By Shweta Yadav

Vertebrates, including humans, have a complex immune system, which constantly functions to protect them from harmful foreign agents including bacteria and viruses. One of the major defence arms (humoral immunity) of the body comprises of special proteins called antibodies or immunoglobulins. These are produced in response to bacterial or viral infections and are crucial for limiting or even resolving infections at times. They are ‘Y’ shaped proteins synthesized by specialized cells (called plasma cells) of the immune system and are capable of binding to the surface regions (epitopes) of invading pathogens. Unlike skin, which is also a primary defence mechanism that can defend us against all kinds of pathogens, antibodies are specifically produced against a given epitope and hence are specific to a particular pathogen, more like a lock and key. Topologically, antibodies have two binding sides; the top portion of the ‘Y’, called Fab (comparable to the part of the key that fits into the lock), is variable in nature and binds to specific epitopes, and the bottom portion, called Fc (more like the part of the key we hold while operating the lock), is constant and binds to receptors present on the surface of immune cells like macrophages and monocytes.

Antibodies are of several kinds (IgG, IgM, IgA, IgE and IgD) depending on when and where they are produced in the body post infection. Most infections create an immunological memory in our body so as to be prepared for subsequent infections from the same or similar pathogens. Antibody memories are stored in special cells called memory B-cells that can last for decades. These memory B-cells are the reason several childhood vaccines protect us for life. Antibody response plays a crucial role during viral infections. Plasma cells produce several antibodies targeted against multiple viral epitopes. Although all of them have Fab capable of binding to various parts of the virion, only a subset of these antibodies are able to block the infection. These are referred to as neutralizing antibodies. Antibodies can neutralize viral infections in a number of ways. For example, they could interfere with virion binding to cell surface receptors, block their uptake into cells, prevent uncoating of their genomes in endosomes, or cause aggregation.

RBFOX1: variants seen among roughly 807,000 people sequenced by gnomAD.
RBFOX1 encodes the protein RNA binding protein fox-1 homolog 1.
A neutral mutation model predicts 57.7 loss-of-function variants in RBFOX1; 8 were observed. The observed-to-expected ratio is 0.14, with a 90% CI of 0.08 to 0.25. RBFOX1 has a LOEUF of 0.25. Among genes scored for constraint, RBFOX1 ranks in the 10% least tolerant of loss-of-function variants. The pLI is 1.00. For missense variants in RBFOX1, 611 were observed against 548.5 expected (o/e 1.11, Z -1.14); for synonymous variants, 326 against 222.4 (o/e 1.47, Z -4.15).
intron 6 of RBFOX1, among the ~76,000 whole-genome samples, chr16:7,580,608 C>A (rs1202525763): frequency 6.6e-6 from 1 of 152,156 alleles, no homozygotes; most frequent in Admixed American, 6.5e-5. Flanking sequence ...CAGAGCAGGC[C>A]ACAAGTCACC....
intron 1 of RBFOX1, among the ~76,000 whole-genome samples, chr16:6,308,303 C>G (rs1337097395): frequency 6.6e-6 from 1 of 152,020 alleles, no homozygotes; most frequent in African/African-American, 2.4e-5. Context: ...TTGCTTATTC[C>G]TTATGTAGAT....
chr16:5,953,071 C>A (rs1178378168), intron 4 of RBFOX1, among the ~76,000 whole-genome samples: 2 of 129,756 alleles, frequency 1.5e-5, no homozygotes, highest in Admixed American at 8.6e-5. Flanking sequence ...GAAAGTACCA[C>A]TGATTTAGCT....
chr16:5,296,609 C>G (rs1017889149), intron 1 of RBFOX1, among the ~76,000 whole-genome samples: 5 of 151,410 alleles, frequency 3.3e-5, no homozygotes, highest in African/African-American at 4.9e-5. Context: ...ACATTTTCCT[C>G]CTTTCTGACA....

The beneficial roles of antibodies are well known, however, sometimes the invading viruses are able to exploit these antibodies to facilitate their own entry into cells and hence result in enhanced infection. This phenomenon is referred to as “Antibody Dependent Enhancement” (ADE) or simply “Immune Enhancement”, and was proposed early in the 1960s by Dr. Scott Halstead. ADE is induced in the presence of either ‘non-neutralizing’ antibodies, which are able to bind to viral particles but not able to cause their destruction, or ‘sub-neutralizing’ antibodies, which are present in insufficient numbers. Such a situation typically arises when antibodies are produced against a particular virus during a primary infection event followed by a secondary infection later, by similar viruses sharing partially similar epitopes (e.g different serotypes of a given virus) or other viruses having similar epitopes. ADE has been observed in case of a variety of viruses, most notably flaviviruses (e.g., dengue virus), HIV, and Ebola viruses. It was first proved experimentally in in-vitro studies done on West Nile fever virus and was subsequently demonstrated for an ever-growing number of human and animal disease-causing viruses. Genome-wide transcriptomic studies suggest that ADE also suppresses the operation of anti-viral pathways in immune cells, thereby enhancing disease manifestations. Due to these reasons, ADE has been a serious concern in the field of antibody-based drug therapy and vaccine design.